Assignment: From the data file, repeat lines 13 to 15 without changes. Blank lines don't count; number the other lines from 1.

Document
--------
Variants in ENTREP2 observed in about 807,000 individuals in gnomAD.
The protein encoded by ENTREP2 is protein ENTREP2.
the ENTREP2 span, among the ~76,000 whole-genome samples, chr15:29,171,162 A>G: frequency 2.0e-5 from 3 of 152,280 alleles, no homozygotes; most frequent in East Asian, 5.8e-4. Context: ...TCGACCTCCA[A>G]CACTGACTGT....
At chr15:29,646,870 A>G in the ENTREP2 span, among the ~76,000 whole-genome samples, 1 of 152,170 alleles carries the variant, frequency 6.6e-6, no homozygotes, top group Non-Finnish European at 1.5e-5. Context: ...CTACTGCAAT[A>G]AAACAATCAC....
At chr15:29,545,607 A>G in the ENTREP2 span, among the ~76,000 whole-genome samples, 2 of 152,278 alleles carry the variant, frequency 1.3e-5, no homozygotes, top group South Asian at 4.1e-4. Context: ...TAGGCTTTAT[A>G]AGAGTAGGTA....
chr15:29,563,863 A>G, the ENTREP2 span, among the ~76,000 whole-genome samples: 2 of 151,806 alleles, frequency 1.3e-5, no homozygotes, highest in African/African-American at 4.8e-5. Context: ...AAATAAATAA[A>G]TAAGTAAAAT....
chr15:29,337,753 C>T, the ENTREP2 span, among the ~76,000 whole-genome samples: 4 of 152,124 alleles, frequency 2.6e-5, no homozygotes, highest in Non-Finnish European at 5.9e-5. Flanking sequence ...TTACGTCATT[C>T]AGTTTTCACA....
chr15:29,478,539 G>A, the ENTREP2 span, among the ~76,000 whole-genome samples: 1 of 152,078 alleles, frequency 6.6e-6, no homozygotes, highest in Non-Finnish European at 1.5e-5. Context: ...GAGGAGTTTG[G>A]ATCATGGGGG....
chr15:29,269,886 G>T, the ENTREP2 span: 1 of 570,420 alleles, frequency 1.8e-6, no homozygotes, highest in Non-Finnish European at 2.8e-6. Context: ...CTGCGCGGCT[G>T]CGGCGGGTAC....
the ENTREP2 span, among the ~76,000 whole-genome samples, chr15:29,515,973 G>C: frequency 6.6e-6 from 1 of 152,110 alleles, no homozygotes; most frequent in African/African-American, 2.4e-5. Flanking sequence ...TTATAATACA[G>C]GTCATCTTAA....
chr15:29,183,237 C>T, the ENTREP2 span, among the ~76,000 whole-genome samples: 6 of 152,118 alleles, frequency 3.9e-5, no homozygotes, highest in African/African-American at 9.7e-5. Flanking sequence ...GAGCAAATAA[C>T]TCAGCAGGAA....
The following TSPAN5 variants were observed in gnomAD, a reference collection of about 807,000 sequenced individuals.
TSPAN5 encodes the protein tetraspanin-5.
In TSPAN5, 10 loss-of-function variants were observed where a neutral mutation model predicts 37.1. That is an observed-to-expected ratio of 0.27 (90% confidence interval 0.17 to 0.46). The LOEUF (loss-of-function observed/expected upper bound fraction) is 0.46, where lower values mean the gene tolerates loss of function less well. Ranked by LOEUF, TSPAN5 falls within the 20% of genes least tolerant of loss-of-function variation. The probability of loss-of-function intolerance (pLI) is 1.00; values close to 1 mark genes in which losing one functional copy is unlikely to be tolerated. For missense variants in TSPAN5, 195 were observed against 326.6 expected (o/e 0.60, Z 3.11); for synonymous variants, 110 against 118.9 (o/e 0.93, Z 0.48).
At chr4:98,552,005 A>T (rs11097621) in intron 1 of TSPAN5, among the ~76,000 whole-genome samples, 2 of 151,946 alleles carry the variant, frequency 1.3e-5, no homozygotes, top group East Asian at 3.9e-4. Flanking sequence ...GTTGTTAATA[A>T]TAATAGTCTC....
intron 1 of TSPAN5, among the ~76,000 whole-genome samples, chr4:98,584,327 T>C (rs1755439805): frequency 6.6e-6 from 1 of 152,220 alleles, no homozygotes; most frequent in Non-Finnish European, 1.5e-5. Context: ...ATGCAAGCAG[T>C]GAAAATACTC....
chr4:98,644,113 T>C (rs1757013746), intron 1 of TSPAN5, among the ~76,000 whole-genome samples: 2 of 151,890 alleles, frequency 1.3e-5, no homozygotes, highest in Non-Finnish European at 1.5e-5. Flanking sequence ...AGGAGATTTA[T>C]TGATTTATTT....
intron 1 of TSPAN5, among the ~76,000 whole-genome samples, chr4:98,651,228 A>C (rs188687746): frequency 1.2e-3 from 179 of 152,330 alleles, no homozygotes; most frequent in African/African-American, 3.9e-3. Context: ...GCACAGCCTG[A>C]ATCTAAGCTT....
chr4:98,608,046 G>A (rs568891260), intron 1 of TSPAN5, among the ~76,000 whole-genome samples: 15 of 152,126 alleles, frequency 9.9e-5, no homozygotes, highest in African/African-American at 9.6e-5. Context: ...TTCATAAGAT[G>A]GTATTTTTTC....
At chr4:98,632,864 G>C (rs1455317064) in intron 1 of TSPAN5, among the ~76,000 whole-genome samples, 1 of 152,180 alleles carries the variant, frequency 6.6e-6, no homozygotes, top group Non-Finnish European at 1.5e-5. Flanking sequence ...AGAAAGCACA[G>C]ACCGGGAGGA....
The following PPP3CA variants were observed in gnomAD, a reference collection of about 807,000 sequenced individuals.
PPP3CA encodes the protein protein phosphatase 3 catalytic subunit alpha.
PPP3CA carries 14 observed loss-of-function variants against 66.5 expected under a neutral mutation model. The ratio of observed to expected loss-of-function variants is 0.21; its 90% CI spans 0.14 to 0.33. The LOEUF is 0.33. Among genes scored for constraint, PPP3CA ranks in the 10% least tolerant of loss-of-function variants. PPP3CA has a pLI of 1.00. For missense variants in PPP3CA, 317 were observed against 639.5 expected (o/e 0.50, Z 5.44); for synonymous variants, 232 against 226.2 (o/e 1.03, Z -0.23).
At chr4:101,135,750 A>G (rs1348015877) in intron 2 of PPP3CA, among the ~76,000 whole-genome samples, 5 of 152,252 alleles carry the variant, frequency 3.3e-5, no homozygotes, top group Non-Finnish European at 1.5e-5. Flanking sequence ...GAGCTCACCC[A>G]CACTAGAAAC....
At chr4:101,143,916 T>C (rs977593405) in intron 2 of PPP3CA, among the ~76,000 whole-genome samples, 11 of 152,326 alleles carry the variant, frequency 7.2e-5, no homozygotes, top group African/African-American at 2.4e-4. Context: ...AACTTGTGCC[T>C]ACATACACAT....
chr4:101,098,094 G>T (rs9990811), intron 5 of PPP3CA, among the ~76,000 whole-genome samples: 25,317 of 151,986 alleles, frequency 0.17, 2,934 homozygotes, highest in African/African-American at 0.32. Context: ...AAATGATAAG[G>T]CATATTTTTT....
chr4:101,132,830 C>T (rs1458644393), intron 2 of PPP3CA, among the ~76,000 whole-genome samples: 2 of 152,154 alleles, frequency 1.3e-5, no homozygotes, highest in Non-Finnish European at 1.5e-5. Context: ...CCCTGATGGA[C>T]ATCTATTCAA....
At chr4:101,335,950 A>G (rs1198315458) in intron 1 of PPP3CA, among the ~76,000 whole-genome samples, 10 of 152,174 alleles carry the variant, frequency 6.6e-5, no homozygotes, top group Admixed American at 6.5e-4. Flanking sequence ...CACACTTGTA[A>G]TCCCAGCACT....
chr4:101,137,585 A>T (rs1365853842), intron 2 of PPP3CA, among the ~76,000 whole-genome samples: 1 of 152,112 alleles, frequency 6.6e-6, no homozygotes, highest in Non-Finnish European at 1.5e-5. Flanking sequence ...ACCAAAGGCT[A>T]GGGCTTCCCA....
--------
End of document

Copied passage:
TSPAN5 encodes the protein tetraspanin-5.
In TSPAN5, 10 loss-of-function variants were observed where a neutral mutation model predicts 37.1. That is an observed-to-expected ratio of 0.27 (90% confidence interval 0.17 to 0.46). The LOEUF (loss-of-function observed/expected upper bound fraction) is 0.46, where lower values mean the gene tolerates loss of function less well. Ranked by LOEUF, TSPAN5 falls within the 20% of genes least tolerant of loss-of-function variation. The probability of loss-of-function intolerance (pLI) is 1.00; values close to 1 mark genes in which losing one functional copy is unlikely to be tolerated. For missense variants in TSPAN5, 195 were observed against 326.6 expected (o/e 0.60, Z 3.11); for synonymous variants, 110 against 118.9 (o/e 0.93, Z 0.48).
At chr4:98,552,005 A>T (rs11097621) in intron 1 of TSPAN5, among the ~76,000 whole-genome samples, 2 of 151,946 alleles carry the variant, frequency 1.3e-5, no homozygotes, top group East Asian at 3.9e-4. Flanking sequence ...GTTGTTAATA[A>T]TAATAGTCTC....